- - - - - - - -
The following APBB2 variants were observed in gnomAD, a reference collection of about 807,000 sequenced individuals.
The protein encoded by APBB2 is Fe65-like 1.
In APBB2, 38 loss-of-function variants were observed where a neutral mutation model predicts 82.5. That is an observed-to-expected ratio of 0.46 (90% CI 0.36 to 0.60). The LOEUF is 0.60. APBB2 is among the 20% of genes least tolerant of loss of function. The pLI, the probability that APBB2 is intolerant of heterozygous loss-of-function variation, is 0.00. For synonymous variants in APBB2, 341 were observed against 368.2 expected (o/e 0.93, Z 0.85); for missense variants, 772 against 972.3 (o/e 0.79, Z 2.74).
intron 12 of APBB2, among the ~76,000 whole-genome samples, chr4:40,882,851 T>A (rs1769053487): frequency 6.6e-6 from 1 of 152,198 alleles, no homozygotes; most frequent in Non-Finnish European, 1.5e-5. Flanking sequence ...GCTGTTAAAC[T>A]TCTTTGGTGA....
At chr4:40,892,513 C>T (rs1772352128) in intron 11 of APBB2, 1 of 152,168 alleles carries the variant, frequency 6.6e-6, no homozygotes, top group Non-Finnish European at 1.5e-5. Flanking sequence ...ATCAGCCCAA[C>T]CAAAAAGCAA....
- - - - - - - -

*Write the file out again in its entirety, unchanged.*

The following APBB2 variants were observed in gnomAD, a reference collection of about 807,000 sequenced individuals.
The protein encoded by APBB2 is Fe65-like 1.
In APBB2, 38 loss-of-function variants were observed where a neutral mutation model predicts 82.5. That is an observed-to-expected ratio of 0.46 (90% CI 0.36 to 0.60). The LOEUF is 0.60. APBB2 is among the 20% of genes least tolerant of loss of function. The pLI, the probability that APBB2 is intolerant of heterozygous loss-of-function variation, is 0.00. For synonymous variants in APBB2, 341 were observed against 368.2 expected (o/e 0.93, Z 0.85); for missense variants, 772 against 972.3 (o/e 0.79, Z 2.74).
intron 12 of APBB2, among the ~76,000 whole-genome samples, chr4:40,882,851 T>A (rs1769053487): frequency 6.6e-6 from 1 of 152,198 alleles, no homozygotes; most frequent in Non-Finnish European, 1.5e-5. Flanking sequence ...GCTGTTAAAC[T>A]TCTTTGGTGA....
At chr4:40,892,513 C>T (rs1772352128) in intron 11 of APBB2, 1 of 152,168 alleles carries the variant, frequency 6.6e-6, no homozygotes, top group Non-Finnish European at 1.5e-5. Flanking sequence ...ATCAGCCCAA[C>T]CAAAAAGCAA....